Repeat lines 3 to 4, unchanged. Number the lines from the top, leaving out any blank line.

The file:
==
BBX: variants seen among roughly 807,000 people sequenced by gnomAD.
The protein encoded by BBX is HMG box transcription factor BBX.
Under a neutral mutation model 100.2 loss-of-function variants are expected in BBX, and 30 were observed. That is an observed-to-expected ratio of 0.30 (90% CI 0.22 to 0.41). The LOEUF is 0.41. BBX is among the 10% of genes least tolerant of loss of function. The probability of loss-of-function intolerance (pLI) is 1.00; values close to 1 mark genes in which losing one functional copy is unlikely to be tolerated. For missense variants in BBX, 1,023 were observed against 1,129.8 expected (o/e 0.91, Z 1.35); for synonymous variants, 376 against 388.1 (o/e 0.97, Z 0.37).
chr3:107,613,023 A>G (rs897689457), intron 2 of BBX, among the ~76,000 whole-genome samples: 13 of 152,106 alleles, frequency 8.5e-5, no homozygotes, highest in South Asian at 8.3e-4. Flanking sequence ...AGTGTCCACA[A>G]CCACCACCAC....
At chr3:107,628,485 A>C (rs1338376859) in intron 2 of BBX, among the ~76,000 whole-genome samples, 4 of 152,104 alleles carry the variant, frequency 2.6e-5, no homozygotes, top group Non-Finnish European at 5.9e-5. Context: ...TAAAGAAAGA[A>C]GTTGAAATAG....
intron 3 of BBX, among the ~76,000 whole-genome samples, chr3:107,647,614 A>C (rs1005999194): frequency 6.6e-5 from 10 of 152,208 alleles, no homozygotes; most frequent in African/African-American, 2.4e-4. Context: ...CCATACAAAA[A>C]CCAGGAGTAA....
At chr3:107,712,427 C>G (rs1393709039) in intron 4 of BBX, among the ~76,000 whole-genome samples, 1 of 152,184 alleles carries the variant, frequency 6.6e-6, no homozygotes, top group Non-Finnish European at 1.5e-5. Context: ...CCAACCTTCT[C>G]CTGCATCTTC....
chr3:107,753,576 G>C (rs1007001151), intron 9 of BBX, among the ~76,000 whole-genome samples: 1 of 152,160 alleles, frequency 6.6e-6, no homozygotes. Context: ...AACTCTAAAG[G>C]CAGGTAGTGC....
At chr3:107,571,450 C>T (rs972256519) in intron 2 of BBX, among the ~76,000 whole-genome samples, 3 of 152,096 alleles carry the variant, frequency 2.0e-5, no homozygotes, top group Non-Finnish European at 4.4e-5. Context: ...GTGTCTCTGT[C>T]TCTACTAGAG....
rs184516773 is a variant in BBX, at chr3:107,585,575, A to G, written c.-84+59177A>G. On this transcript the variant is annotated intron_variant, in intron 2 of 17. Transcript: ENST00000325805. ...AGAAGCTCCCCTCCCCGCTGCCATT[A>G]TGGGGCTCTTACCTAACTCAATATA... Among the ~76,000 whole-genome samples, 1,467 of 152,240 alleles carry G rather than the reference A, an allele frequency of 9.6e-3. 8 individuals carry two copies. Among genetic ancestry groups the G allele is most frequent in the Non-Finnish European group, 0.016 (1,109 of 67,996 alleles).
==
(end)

Under a neutral mutation model 100.2 loss-of-function variants are expected in BBX, and 30 were observed. That is an observed-to-expected ratio of 0.30 (90% CI 0.22 to 0.41). The LOEUF is 0.41. BBX is among the 10% of genes least tolerant of loss of function. The probability of loss-of-function intolerance (pLI) is 1.00; values close to 1 mark genes in which losing one functional copy is unlikely to be tolerated. For missense variants in BBX, 1,023 were observed against 1,129.8 expected (o/e 0.91, Z 1.35); for synonymous variants, 376 against 388.1 (o/e 0.97, Z 0.37).
chr3:107,613,023 A>G (rs897689457), intron 2 of BBX, among the ~76,000 whole-genome samples: 13 of 152,106 alleles, frequency 8.5e-5, no homozygotes, highest in South Asian at 8.3e-4. Flanking sequence ...AGTGTCCACA[A>G]CCACCACCAC....